Do you think Julia Child scoffed at the sound of someone giving her a cooking tip while she worked in her kitchen? Would José Andrés fire his chef de cuisine on the spot for suggesting something new on the menu? Do you think James Beard never had a question about a technique?
We don’t think so, and we don’t think that any other legendary culinarian would act in this way, either, because learning the craft of the culinary arts is never complete. With varying opinions, different training, and new techniques and ingredients being introduced every single day, there is never an old tip or suggestion when it comes to cooking, and we as cooks are committed to an unending quest to discover how to be better in the kitchen.
The Cook editors at The Daily Meal never stop asking questions about cooking. In fact, we have contributors telling us new tricks of the trade on a daily basis. While cooking advice can be narrowed down to the most specific questions (like, say, how do you use a pressure cooker?), we also want to know what those overarching skills and qualities are that make so many talented chefs, cookbook authors, and bloggers as great as they are today.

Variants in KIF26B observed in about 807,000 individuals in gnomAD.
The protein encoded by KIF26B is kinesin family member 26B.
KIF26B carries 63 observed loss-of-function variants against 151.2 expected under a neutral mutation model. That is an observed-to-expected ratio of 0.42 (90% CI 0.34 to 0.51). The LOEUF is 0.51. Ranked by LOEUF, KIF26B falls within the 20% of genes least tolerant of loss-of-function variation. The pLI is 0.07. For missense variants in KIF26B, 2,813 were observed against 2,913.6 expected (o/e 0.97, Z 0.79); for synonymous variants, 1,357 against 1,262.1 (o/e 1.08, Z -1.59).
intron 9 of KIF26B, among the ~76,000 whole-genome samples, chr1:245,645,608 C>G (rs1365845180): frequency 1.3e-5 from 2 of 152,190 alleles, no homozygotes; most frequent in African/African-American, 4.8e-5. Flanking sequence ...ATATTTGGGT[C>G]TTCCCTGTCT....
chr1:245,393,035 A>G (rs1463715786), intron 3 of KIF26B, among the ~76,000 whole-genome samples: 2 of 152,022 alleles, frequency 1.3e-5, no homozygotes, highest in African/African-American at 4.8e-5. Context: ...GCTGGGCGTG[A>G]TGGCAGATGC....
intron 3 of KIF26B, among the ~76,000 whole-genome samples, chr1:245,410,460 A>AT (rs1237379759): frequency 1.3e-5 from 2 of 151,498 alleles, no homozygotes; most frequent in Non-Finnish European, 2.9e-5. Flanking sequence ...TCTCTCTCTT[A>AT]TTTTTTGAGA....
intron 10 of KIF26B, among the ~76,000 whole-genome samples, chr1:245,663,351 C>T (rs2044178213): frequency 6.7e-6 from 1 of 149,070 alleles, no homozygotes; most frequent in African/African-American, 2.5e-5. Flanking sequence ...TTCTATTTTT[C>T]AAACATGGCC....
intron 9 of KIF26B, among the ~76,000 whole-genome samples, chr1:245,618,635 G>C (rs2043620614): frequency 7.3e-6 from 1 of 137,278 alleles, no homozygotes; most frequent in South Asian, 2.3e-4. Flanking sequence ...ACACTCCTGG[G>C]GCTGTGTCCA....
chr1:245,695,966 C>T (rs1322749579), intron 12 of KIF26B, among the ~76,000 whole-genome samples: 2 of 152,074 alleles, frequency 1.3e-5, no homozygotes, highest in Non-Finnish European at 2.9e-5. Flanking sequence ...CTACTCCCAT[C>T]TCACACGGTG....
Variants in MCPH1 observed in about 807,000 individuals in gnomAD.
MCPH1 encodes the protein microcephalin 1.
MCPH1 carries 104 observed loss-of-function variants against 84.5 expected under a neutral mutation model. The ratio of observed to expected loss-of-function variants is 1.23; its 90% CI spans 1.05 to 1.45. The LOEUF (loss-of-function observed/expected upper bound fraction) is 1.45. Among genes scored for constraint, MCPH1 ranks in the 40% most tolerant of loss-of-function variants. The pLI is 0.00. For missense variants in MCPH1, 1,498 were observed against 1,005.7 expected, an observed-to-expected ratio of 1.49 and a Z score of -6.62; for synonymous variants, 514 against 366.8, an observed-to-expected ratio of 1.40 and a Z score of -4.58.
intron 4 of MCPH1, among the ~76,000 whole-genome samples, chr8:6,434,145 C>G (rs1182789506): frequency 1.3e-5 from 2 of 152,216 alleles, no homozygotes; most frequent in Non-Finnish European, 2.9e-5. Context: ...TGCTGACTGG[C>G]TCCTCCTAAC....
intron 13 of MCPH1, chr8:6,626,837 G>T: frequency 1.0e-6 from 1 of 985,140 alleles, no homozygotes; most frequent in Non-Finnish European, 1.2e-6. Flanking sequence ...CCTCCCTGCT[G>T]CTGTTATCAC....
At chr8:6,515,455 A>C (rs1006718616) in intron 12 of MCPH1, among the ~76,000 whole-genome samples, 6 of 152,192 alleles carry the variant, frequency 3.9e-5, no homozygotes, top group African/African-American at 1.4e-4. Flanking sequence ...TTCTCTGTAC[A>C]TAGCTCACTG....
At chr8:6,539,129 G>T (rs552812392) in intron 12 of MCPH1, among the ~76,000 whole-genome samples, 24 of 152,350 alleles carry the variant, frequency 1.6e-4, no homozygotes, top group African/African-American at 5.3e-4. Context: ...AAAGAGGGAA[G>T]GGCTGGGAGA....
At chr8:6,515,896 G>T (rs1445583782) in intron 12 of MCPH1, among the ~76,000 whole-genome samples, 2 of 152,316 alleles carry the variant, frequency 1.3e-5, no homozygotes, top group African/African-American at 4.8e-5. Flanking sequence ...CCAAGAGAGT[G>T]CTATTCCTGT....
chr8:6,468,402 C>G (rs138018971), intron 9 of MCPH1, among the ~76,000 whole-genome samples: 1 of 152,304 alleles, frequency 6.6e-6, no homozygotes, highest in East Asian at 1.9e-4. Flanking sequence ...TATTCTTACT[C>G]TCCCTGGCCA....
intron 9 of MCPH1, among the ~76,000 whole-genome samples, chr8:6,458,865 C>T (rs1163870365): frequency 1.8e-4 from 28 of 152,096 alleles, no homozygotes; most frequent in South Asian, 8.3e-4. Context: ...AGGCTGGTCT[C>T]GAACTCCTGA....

Want to know how we found out? We just asked them, and now we have a neat and easy list of their thoughts for you to refer to. We didn’t just go to one expert, but to several, from big names like TV personality Sara Moulton and legendary inventors like Nathan Myhrvold to talented and hard-working chefs that are, probably right now in fact, ferociously working away at the stove to create beautiful and delicious masterpieces with food.
These tips range in topic and scope; some are ones you should remember every single time you’re in the kitchen (like salt!), and others are things like roasting a chicken, because if you don’t know how to do it, then you can just forget about being a good cook. Some had us going "right, right…" and others had us raising an eyebrow, but at the end of the day, the tips listed here are things that we think you should know (and pass along to others) if you ever want to join the ranks of Child, Andrés, and Beard. So put your pride aside for a moment and take a look, we think some might surprise you.
Everyone can agree on this, but we heard it first from the mouth of chef Chris Peitersen, executive chef of Johnny Carino’s in Fort Collins, Colo., and one of only 75 people in the country who is a Certified Research Chef based on his culinary experience and background. Just as how cooking is never perfected, it also knows no limits, so if you’re able to experiment and investigate new things with cooking and recipes, you’re a good cook.
Put Your Ingredients on Display.
Blogger and author of Secrets of the Best Chefs Adam Roberts picked up on a few things while doing research for his book, and eye candy was one of them.